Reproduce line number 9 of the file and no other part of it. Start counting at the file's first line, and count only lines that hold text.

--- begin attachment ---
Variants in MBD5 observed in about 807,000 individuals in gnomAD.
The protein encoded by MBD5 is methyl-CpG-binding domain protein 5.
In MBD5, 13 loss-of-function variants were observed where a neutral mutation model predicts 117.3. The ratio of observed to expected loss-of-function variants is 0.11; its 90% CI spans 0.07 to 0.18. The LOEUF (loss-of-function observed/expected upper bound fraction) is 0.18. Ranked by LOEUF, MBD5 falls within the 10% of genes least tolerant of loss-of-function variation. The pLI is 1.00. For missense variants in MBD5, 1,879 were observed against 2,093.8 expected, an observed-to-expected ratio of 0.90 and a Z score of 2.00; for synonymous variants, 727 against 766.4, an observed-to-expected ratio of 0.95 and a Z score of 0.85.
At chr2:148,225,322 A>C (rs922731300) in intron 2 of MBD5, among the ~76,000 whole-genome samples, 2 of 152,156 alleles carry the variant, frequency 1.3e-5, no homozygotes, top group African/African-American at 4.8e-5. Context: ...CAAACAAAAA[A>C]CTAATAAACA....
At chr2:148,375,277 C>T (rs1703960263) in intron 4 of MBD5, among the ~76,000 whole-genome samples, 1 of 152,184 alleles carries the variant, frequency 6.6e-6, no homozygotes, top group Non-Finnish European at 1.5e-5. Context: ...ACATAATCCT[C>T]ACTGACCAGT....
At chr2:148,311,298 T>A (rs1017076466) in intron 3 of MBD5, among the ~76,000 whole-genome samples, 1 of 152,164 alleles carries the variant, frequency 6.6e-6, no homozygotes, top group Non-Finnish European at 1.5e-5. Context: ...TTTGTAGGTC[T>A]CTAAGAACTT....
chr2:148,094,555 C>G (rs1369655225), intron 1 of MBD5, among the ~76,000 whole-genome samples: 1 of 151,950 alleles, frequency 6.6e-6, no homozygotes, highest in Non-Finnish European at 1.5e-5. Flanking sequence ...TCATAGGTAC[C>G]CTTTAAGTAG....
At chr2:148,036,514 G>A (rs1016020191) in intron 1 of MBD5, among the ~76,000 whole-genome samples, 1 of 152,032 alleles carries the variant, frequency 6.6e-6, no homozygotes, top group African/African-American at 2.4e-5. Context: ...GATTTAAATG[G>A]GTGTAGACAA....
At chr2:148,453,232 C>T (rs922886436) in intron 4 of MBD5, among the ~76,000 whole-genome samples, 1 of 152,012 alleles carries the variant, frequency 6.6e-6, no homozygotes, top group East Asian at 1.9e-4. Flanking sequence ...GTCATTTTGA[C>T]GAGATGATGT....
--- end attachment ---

At chr2:148,453,232 C>T (rs922886436) in intron 4 of MBD5, among the ~76,000 whole-genome samples, 1 of 152,012 alleles carries the variant, frequency 6.6e-6, no homozygotes, top group East Asian at 1.9e-4. Flanking sequence ...GTCATTTTGA[C>T]GAGATGATGT....